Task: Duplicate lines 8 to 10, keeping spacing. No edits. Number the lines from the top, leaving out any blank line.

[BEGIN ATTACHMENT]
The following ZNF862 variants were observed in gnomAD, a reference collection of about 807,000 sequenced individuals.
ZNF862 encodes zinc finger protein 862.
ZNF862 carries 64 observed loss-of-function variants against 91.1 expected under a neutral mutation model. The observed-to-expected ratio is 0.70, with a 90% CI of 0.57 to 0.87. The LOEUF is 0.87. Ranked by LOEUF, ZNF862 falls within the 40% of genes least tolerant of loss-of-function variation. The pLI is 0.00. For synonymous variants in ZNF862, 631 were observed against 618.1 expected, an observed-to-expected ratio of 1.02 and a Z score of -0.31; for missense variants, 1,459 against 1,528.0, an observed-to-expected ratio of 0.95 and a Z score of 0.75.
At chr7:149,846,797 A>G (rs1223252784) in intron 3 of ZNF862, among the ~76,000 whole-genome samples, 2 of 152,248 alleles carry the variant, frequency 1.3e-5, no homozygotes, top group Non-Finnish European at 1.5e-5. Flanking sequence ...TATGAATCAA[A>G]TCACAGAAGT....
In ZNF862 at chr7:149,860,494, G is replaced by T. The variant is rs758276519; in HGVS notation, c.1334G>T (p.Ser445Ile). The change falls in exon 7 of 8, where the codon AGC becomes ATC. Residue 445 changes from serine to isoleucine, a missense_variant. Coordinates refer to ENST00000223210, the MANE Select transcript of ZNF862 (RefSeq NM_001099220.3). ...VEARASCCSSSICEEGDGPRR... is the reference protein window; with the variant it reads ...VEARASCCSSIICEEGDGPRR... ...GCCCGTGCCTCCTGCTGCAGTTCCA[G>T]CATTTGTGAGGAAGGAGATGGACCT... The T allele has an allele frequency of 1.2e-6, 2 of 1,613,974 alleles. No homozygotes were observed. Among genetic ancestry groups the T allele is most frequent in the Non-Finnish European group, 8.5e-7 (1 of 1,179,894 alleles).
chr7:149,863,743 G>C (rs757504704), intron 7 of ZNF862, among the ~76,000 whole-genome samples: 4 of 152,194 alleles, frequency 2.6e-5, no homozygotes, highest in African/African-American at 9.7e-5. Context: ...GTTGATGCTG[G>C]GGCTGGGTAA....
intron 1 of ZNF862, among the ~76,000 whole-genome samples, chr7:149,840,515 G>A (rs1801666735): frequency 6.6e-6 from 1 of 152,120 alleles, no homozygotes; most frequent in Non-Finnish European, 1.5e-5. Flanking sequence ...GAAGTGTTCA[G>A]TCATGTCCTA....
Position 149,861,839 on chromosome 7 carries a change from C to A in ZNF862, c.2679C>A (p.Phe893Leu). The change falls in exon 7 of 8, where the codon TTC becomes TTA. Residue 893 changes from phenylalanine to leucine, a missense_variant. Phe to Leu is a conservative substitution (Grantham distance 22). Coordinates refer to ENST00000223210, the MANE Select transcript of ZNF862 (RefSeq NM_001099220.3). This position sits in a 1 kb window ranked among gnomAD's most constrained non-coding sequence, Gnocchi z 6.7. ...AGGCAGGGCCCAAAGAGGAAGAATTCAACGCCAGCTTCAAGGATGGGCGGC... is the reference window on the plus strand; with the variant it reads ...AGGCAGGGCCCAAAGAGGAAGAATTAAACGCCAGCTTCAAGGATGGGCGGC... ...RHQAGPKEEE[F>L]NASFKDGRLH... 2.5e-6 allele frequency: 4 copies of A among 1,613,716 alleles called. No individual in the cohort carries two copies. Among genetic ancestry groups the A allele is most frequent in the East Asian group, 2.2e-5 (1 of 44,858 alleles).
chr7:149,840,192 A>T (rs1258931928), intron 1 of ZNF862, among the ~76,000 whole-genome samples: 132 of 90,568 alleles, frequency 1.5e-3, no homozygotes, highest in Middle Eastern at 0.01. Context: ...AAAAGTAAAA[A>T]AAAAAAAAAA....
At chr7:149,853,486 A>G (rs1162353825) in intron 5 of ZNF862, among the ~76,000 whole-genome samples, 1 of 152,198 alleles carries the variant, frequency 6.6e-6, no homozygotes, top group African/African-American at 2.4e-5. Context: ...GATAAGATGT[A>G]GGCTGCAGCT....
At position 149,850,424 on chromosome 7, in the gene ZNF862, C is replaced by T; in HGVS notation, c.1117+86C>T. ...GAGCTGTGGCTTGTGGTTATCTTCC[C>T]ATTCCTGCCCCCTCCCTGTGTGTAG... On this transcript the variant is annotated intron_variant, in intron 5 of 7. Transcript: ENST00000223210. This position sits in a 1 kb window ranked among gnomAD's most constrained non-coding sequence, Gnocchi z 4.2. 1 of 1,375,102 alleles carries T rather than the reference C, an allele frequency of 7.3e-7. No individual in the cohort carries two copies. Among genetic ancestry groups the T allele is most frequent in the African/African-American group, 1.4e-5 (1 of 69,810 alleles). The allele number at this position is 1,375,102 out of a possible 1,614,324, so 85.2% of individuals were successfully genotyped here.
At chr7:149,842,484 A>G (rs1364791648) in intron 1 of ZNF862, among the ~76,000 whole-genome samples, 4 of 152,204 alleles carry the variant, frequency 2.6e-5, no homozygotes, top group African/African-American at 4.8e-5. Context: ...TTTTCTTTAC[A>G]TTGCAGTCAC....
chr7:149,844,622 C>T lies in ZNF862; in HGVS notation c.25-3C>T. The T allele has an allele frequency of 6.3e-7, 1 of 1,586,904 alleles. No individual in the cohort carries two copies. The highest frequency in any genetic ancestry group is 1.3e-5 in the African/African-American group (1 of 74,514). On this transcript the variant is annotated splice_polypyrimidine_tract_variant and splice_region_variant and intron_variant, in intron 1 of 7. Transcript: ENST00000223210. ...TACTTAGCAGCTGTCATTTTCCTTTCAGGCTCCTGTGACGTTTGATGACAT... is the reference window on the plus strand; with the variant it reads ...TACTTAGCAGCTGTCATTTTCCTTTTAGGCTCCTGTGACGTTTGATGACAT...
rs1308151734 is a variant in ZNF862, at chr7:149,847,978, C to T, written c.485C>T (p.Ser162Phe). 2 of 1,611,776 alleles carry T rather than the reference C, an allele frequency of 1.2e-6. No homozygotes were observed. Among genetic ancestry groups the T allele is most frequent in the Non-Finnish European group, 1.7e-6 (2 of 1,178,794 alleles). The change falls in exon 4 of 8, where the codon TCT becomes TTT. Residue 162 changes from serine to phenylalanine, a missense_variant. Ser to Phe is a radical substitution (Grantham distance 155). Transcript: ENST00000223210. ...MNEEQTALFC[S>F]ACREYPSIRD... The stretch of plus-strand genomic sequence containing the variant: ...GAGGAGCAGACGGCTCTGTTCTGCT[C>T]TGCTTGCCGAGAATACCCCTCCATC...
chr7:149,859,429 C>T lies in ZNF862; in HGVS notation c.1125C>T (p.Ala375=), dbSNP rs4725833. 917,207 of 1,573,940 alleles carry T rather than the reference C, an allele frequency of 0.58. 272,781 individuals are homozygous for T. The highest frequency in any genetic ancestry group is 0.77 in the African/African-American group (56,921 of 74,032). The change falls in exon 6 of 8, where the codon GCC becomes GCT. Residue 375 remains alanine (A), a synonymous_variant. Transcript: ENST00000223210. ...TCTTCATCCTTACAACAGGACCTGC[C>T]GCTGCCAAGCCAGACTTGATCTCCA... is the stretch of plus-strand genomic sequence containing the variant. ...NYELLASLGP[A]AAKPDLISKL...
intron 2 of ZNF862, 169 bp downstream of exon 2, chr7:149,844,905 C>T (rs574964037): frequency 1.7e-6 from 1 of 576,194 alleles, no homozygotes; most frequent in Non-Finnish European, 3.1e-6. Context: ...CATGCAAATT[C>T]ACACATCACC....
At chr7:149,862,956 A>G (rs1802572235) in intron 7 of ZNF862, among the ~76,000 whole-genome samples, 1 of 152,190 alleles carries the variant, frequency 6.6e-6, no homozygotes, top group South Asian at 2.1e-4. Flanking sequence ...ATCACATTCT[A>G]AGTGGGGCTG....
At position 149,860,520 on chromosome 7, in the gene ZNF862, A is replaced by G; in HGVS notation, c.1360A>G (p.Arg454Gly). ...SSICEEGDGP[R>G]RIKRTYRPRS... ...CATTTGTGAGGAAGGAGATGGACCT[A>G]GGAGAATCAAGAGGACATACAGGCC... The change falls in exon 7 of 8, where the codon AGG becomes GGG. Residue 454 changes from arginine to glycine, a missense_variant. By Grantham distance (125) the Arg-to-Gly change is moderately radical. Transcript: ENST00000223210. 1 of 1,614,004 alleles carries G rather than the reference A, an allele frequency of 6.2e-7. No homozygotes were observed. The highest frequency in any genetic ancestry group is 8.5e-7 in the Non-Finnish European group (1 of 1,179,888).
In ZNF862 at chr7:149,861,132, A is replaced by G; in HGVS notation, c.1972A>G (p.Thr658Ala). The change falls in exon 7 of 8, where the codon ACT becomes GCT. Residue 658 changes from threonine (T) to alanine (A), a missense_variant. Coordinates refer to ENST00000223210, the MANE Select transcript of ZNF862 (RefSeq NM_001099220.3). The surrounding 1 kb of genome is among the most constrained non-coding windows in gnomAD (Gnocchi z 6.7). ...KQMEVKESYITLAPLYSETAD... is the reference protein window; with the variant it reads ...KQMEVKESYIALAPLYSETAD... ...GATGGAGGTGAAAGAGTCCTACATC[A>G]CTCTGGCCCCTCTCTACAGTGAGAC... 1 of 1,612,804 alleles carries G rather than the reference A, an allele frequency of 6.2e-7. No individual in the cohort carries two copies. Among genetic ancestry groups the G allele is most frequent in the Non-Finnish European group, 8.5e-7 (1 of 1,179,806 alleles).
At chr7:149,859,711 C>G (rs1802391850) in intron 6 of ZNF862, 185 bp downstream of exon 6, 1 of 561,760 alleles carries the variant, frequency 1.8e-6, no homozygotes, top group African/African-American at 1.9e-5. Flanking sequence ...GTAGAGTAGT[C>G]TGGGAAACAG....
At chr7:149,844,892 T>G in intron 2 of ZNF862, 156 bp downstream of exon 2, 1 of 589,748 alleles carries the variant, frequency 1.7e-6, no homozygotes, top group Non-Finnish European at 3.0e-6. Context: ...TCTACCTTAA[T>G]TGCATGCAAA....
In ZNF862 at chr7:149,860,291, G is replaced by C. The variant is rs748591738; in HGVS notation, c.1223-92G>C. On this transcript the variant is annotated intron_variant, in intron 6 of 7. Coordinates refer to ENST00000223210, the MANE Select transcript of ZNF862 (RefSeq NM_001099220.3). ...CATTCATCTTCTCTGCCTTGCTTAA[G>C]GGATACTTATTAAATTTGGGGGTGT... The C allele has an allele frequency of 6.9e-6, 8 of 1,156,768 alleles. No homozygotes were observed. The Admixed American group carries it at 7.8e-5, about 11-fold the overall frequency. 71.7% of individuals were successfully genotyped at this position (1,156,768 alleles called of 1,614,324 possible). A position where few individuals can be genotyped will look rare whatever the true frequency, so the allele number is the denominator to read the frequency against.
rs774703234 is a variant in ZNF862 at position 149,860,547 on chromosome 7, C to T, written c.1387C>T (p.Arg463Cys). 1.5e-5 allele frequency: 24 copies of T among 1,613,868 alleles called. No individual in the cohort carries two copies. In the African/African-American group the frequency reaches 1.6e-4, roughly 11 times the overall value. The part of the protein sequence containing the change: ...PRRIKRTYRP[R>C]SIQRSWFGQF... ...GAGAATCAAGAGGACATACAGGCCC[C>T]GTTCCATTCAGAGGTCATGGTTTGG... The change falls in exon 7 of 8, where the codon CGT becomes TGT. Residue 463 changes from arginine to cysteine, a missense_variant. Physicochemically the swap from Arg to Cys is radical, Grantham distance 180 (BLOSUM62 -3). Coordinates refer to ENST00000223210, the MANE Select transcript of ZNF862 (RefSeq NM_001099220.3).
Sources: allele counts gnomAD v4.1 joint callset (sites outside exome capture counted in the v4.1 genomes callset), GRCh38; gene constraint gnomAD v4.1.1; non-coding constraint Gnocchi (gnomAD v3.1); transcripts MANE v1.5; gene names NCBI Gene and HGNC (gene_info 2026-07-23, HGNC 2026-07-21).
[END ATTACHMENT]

Position 149,861,839 on chromosome 7 carries a change from C to A in ZNF862, c.2679C>A (p.Phe893Leu). The change falls in exon 7 of 8, where the codon TTC becomes TTA. Residue 893 changes from phenylalanine to leucine, a missense_variant. Phe to Leu is a conservative substitution (Grantham distance 22). Coordinates refer to ENST00000223210, the MANE Select transcript of ZNF862 (RefSeq NM_001099220.3). This position sits in a 1 kb window ranked among gnomAD's most constrained non-coding sequence, Gnocchi z 6.7. ...AGGCAGGGCCCAAAGAGGAAGAATTCAACGCCAGCTTCAAGGATGGGCGGC... is the reference window on the plus strand; with the variant it reads ...AGGCAGGGCCCAAAGAGGAAGAATTAAACGCCAGCTTCAAGGATGGGCGGC... ...RHQAGPKEEE[F>L]NASFKDGRLH... 2.5e-6 allele frequency: 4 copies of A among 1,613,716 alleles called. No individual in the cohort carries two copies. Among genetic ancestry groups the A allele is most frequent in the East Asian group, 2.2e-5 (1 of 44,858 alleles).
chr7:149,840,192 A>T (rs1258931928), intron 1 of ZNF862, among the ~76,000 whole-genome samples: 132 of 90,568 alleles, frequency 1.5e-3, no homozygotes, highest in Middle Eastern at 0.01. Context: ...AAAAGTAAAA[A>T]AAAAAAAAAA....
At chr7:149,853,486 A>G (rs1162353825) in intron 5 of ZNF862, among the ~76,000 whole-genome samples, 1 of 152,198 alleles carries the variant, frequency 6.6e-6, no homozygotes, top group African/African-American at 2.4e-5. Context: ...GATAAGATGT[A>G]GGCTGCAGCT....